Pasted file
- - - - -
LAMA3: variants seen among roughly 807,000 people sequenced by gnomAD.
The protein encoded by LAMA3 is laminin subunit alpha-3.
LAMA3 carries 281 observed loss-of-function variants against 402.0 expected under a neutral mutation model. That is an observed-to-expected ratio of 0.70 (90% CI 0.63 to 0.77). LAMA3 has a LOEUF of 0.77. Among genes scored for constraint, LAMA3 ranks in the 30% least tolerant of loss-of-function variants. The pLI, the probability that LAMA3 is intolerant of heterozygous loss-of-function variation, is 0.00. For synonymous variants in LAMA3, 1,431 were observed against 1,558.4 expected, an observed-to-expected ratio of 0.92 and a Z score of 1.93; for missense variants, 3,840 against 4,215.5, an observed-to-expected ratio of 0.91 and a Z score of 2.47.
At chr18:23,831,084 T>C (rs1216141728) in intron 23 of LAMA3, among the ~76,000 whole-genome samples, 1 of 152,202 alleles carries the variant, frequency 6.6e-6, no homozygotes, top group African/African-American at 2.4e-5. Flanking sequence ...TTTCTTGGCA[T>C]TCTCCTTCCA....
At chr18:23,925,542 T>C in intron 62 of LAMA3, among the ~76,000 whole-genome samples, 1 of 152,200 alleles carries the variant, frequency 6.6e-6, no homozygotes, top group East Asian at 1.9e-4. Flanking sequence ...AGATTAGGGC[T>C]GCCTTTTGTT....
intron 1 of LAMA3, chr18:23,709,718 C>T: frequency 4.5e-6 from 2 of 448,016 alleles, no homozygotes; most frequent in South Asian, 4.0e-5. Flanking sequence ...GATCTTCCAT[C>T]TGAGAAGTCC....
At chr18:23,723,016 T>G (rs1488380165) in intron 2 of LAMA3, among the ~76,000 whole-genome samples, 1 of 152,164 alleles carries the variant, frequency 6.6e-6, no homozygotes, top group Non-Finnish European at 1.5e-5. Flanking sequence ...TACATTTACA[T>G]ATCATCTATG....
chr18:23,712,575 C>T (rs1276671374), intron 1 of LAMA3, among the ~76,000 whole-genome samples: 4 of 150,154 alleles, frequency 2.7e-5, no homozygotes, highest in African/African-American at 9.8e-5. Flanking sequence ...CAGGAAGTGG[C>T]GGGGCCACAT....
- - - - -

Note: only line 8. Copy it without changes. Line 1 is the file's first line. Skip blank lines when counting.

chr18:23,712,575 C>T (rs1276671374), intron 1 of LAMA3, among the ~76,000 whole-genome samples: 4 of 150,154 alleles, frequency 2.7e-5, no homozygotes, highest in African/African-American at 9.8e-5. Flanking sequence ...CAGGAAGTGG[C>T]GGGGCCACAT....